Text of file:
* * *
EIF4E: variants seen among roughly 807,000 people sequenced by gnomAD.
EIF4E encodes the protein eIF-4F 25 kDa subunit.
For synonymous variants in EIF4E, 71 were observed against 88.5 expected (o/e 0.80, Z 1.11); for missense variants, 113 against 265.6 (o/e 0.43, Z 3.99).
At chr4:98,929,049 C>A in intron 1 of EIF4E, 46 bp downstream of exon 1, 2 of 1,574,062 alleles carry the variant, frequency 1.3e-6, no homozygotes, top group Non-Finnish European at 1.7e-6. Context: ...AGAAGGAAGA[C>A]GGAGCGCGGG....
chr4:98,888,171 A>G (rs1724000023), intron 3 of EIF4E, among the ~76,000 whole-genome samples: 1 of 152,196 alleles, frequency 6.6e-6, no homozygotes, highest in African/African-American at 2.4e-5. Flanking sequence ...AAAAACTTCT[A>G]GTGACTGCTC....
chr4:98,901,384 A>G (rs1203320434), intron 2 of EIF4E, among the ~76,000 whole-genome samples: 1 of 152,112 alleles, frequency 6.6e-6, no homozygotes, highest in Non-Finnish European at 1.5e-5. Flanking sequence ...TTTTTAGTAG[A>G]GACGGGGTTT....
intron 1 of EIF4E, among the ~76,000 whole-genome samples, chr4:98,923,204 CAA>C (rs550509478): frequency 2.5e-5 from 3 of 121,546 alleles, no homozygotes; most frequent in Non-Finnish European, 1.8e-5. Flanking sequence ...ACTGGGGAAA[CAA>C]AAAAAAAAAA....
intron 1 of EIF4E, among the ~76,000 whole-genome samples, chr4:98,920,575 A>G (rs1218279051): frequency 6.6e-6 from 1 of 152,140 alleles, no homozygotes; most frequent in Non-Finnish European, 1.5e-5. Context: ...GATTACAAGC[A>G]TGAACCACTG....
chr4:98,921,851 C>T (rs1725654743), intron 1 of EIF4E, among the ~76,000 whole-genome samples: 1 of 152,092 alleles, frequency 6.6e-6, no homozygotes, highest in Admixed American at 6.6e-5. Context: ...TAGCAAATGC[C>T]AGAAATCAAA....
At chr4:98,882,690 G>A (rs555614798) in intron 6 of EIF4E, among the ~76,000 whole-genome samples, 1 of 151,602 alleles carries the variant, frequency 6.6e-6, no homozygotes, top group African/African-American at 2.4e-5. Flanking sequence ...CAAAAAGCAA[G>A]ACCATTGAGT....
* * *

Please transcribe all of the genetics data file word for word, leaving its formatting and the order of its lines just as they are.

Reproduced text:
EIF4E: variants seen among roughly 807,000 people sequenced by gnomAD.
EIF4E encodes the protein eIF-4F 25 kDa subunit.
For synonymous variants in EIF4E, 71 were observed against 88.5 expected (o/e 0.80, Z 1.11); for missense variants, 113 against 265.6 (o/e 0.43, Z 3.99).
At chr4:98,929,049 C>A in intron 1 of EIF4E, 46 bp downstream of exon 1, 2 of 1,574,062 alleles carry the variant, frequency 1.3e-6, no homozygotes, top group Non-Finnish European at 1.7e-6. Context: ...AGAAGGAAGA[C>A]GGAGCGCGGG....
chr4:98,888,171 A>G (rs1724000023), intron 3 of EIF4E, among the ~76,000 whole-genome samples: 1 of 152,196 alleles, frequency 6.6e-6, no homozygotes, highest in African/African-American at 2.4e-5. Flanking sequence ...AAAAACTTCT[A>G]GTGACTGCTC....
chr4:98,901,384 A>G (rs1203320434), intron 2 of EIF4E, among the ~76,000 whole-genome samples: 1 of 152,112 alleles, frequency 6.6e-6, no homozygotes, highest in Non-Finnish European at 1.5e-5. Flanking sequence ...TTTTTAGTAG[A>G]GACGGGGTTT....
intron 1 of EIF4E, among the ~76,000 whole-genome samples, chr4:98,923,204 CAA>C (rs550509478): frequency 2.5e-5 from 3 of 121,546 alleles, no homozygotes; most frequent in Non-Finnish European, 1.8e-5. Flanking sequence ...ACTGGGGAAA[CAA>C]AAAAAAAAAA....
intron 1 of EIF4E, among the ~76,000 whole-genome samples, chr4:98,920,575 A>G (rs1218279051): frequency 6.6e-6 from 1 of 152,140 alleles, no homozygotes; most frequent in Non-Finnish European, 1.5e-5. Context: ...GATTACAAGC[A>G]TGAACCACTG....
chr4:98,921,851 C>T (rs1725654743), intron 1 of EIF4E, among the ~76,000 whole-genome samples: 1 of 152,092 alleles, frequency 6.6e-6, no homozygotes, highest in Admixed American at 6.6e-5. Context: ...TAGCAAATGC[C>T]AGAAATCAAA....
At chr4:98,882,690 G>A (rs555614798) in intron 6 of EIF4E, among the ~76,000 whole-genome samples, 1 of 151,602 alleles carries the variant, frequency 6.6e-6, no homozygotes, top group African/African-American at 2.4e-5. Flanking sequence ...CAAAAAGCAA[G>A]ACCATTGAGT....